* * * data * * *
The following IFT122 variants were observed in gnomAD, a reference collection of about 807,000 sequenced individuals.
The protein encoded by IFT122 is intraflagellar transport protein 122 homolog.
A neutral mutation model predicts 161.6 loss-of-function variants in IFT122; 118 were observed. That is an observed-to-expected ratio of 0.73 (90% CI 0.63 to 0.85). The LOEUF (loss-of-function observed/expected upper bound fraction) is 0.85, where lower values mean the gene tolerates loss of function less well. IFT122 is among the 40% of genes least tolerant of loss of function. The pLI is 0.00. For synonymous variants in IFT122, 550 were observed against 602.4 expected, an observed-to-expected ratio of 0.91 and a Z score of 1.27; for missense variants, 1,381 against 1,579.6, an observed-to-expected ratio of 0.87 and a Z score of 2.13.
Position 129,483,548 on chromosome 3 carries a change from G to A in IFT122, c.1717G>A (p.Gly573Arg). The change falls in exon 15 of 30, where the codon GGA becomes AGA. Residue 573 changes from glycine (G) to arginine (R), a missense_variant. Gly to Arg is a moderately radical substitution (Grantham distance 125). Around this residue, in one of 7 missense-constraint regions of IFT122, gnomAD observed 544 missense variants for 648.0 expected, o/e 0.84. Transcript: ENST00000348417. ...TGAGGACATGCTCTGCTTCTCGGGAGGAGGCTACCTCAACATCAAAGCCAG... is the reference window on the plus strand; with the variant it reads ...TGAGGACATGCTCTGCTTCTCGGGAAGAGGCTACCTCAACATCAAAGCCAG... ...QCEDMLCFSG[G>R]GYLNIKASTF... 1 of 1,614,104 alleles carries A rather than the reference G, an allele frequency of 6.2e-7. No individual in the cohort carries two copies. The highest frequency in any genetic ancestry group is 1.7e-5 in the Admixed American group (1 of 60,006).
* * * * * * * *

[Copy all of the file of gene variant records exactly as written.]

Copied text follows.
The following IFT122 variants were observed in gnomAD, a reference collection of about 807,000 sequenced individuals.
The protein encoded by IFT122 is intraflagellar transport protein 122 homolog.
A neutral mutation model predicts 161.6 loss-of-function variants in IFT122; 118 were observed. That is an observed-to-expected ratio of 0.73 (90% CI 0.63 to 0.85). The LOEUF (loss-of-function observed/expected upper bound fraction) is 0.85, where lower values mean the gene tolerates loss of function less well. IFT122 is among the 40% of genes least tolerant of loss of function. The pLI is 0.00. For synonymous variants in IFT122, 550 were observed against 602.4 expected, an observed-to-expected ratio of 0.91 and a Z score of 1.27; for missense variants, 1,381 against 1,579.6, an observed-to-expected ratio of 0.87 and a Z score of 2.13.
Position 129,483,548 on chromosome 3 carries a change from G to A in IFT122, c.1717G>A (p.Gly573Arg). The change falls in exon 15 of 30, where the codon GGA becomes AGA. Residue 573 changes from glycine (G) to arginine (R), a missense_variant. Gly to Arg is a moderately radical substitution (Grantham distance 125). Around this residue, in one of 7 missense-constraint regions of IFT122, gnomAD observed 544 missense variants for 648.0 expected, o/e 0.84. Transcript: ENST00000348417. ...TGAGGACATGCTCTGCTTCTCGGGAGGAGGCTACCTCAACATCAAAGCCAG... is the reference window on the plus strand; with the variant it reads ...TGAGGACATGCTCTGCTTCTCGGGAAGAGGCTACCTCAACATCAAAGCCAG... ...QCEDMLCFSG[G>R]GYLNIKASTF... 1 of 1,614,104 alleles carries A rather than the reference G, an allele frequency of 6.2e-7. No individual in the cohort carries two copies. The highest frequency in any genetic ancestry group is 1.7e-5 in the Admixed American group (1 of 60,006).